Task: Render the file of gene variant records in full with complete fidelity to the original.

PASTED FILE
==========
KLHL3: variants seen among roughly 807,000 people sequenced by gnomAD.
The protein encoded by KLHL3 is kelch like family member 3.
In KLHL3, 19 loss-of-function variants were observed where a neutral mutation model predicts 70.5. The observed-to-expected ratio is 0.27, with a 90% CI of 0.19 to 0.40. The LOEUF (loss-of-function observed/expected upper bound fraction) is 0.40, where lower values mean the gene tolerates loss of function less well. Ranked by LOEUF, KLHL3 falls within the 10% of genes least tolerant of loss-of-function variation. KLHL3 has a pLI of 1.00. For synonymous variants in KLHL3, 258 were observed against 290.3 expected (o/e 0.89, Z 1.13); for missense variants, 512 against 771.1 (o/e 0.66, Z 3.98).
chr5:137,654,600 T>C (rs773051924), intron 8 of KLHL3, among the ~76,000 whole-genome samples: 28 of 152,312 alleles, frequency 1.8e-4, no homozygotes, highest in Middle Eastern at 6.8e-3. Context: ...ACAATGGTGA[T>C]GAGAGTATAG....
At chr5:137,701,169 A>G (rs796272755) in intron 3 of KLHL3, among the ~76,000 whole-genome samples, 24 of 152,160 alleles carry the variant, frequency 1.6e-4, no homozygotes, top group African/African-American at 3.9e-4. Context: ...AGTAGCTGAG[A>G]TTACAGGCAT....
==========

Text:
KLHL3: variants seen among roughly 807,000 people sequenced by gnomAD.
The protein encoded by KLHL3 is kelch like family member 3.
In KLHL3, 19 loss-of-function variants were observed where a neutral mutation model predicts 70.5. The observed-to-expected ratio is 0.27, with a 90% CI of 0.19 to 0.40. The LOEUF (loss-of-function observed/expected upper bound fraction) is 0.40, where lower values mean the gene tolerates loss of function less well. Ranked by LOEUF, KLHL3 falls within the 10% of genes least tolerant of loss-of-function variation. KLHL3 has a pLI of 1.00. For synonymous variants in KLHL3, 258 were observed against 290.3 expected (o/e 0.89, Z 1.13); for missense variants, 512 against 771.1 (o/e 0.66, Z 3.98).
chr5:137,654,600 T>C (rs773051924), intron 8 of KLHL3, among the ~76,000 whole-genome samples: 28 of 152,312 alleles, frequency 1.8e-4, no homozygotes, highest in Middle Eastern at 6.8e-3. Context: ...ACAATGGTGA[T>C]GAGAGTATAG....
At chr5:137,701,169 A>G (rs796272755) in intron 3 of KLHL3, among the ~76,000 whole-genome samples, 24 of 152,160 alleles carry the variant, frequency 1.6e-4, no homozygotes, top group African/African-American at 3.9e-4. Context: ...AGTAGCTGAG[A>G]TTACAGGCAT....